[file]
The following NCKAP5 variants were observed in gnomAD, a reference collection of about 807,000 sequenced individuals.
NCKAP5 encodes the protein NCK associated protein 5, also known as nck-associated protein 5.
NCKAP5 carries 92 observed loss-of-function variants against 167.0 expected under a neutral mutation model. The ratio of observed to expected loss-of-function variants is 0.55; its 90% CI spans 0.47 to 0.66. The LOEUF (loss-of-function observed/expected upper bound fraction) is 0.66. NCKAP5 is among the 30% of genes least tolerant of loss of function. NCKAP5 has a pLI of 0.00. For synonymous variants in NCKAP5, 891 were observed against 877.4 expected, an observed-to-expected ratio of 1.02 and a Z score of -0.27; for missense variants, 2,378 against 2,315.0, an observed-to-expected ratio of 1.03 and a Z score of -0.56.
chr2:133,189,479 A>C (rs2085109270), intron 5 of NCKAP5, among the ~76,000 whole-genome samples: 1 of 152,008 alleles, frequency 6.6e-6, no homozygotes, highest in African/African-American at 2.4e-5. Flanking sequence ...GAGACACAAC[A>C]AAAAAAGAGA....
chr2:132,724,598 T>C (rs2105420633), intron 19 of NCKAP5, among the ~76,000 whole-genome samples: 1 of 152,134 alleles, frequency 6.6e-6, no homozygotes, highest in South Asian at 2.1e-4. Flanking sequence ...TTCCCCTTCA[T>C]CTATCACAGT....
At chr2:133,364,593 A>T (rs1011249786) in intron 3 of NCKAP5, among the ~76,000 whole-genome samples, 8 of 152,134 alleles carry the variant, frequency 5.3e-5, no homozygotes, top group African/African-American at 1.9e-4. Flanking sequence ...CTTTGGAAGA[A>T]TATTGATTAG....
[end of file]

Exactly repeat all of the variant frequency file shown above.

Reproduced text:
The following NCKAP5 variants were observed in gnomAD, a reference collection of about 807,000 sequenced individuals.
NCKAP5 encodes the protein NCK associated protein 5, also known as nck-associated protein 5.
NCKAP5 carries 92 observed loss-of-function variants against 167.0 expected under a neutral mutation model. The ratio of observed to expected loss-of-function variants is 0.55; its 90% CI spans 0.47 to 0.66. The LOEUF (loss-of-function observed/expected upper bound fraction) is 0.66. NCKAP5 is among the 30% of genes least tolerant of loss of function. NCKAP5 has a pLI of 0.00. For synonymous variants in NCKAP5, 891 were observed against 877.4 expected, an observed-to-expected ratio of 1.02 and a Z score of -0.27; for missense variants, 2,378 against 2,315.0, an observed-to-expected ratio of 1.03 and a Z score of -0.56.
chr2:133,189,479 A>C (rs2085109270), intron 5 of NCKAP5, among the ~76,000 whole-genome samples: 1 of 152,008 alleles, frequency 6.6e-6, no homozygotes, highest in African/African-American at 2.4e-5. Flanking sequence ...GAGACACAAC[A>C]AAAAAAGAGA....
chr2:132,724,598 T>C (rs2105420633), intron 19 of NCKAP5, among the ~76,000 whole-genome samples: 1 of 152,134 alleles, frequency 6.6e-6, no homozygotes, highest in South Asian at 2.1e-4. Flanking sequence ...TTCCCCTTCA[T>C]CTATCACAGT....
At chr2:133,364,593 A>T (rs1011249786) in intron 3 of NCKAP5, among the ~76,000 whole-genome samples, 8 of 152,134 alleles carry the variant, frequency 5.3e-5, no homozygotes, top group African/African-American at 1.9e-4. Flanking sequence ...CTTTGGAAGA[A>T]TATTGATTAG....